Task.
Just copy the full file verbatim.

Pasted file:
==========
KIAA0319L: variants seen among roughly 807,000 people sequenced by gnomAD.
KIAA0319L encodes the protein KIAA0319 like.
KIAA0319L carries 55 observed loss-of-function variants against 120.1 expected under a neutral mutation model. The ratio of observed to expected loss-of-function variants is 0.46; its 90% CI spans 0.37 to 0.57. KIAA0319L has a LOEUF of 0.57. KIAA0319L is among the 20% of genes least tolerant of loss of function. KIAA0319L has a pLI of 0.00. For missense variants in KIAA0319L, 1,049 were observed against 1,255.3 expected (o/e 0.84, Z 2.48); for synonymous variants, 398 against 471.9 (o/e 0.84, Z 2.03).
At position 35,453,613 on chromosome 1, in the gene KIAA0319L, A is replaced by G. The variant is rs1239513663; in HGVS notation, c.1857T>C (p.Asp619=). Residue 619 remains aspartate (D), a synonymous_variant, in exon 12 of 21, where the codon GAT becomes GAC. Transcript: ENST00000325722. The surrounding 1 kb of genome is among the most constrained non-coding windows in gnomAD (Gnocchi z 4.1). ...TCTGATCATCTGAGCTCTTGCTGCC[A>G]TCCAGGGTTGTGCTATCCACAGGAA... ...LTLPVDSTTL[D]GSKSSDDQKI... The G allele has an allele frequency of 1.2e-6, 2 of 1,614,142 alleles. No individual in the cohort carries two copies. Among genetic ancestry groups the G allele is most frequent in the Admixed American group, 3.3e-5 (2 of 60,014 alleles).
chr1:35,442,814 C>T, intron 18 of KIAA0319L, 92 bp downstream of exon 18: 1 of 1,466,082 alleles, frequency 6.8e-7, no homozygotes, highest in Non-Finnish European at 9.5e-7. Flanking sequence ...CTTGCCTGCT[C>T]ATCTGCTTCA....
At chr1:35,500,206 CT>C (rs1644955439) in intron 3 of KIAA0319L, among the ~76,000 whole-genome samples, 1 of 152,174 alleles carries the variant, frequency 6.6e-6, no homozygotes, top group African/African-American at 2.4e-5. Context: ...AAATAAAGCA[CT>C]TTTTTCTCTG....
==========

KIAA0319L: variants seen among roughly 807,000 people sequenced by gnomAD.
KIAA0319L encodes the protein KIAA0319 like.
KIAA0319L carries 55 observed loss-of-function variants against 120.1 expected under a neutral mutation model. The ratio of observed to expected loss-of-function variants is 0.46; its 90% CI spans 0.37 to 0.57. KIAA0319L has a LOEUF of 0.57. KIAA0319L is among the 20% of genes least tolerant of loss of function. KIAA0319L has a pLI of 0.00. For missense variants in KIAA0319L, 1,049 were observed against 1,255.3 expected (o/e 0.84, Z 2.48); for synonymous variants, 398 against 471.9 (o/e 0.84, Z 2.03).
At position 35,453,613 on chromosome 1, in the gene KIAA0319L, A is replaced by G. The variant is rs1239513663; in HGVS notation, c.1857T>C (p.Asp619=). Residue 619 remains aspartate (D), a synonymous_variant, in exon 12 of 21, where the codon GAT becomes GAC. Transcript: ENST00000325722. The surrounding 1 kb of genome is among the most constrained non-coding windows in gnomAD (Gnocchi z 4.1). ...TCTGATCATCTGAGCTCTTGCTGCC[A>G]TCCAGGGTTGTGCTATCCACAGGAA... ...LTLPVDSTTL[D]GSKSSDDQKI... The G allele has an allele frequency of 1.2e-6, 2 of 1,614,142 alleles. No individual in the cohort carries two copies. Among genetic ancestry groups the G allele is most frequent in the Admixed American group, 3.3e-5 (2 of 60,014 alleles).
chr1:35,442,814 C>T, intron 18 of KIAA0319L, 92 bp downstream of exon 18: 1 of 1,466,082 alleles, frequency 6.8e-7, no homozygotes, highest in Non-Finnish European at 9.5e-7. Flanking sequence ...CTTGCCTGCT[C>T]ATCTGCTTCA....
At chr1:35,500,206 CT>C (rs1644955439) in intron 3 of KIAA0319L, among the ~76,000 whole-genome samples, 1 of 152,174 alleles carries the variant, frequency 6.6e-6, no homozygotes, top group African/African-American at 2.4e-5. Context: ...AAATAAAGCA[CT>C]TTTTTCTCTG....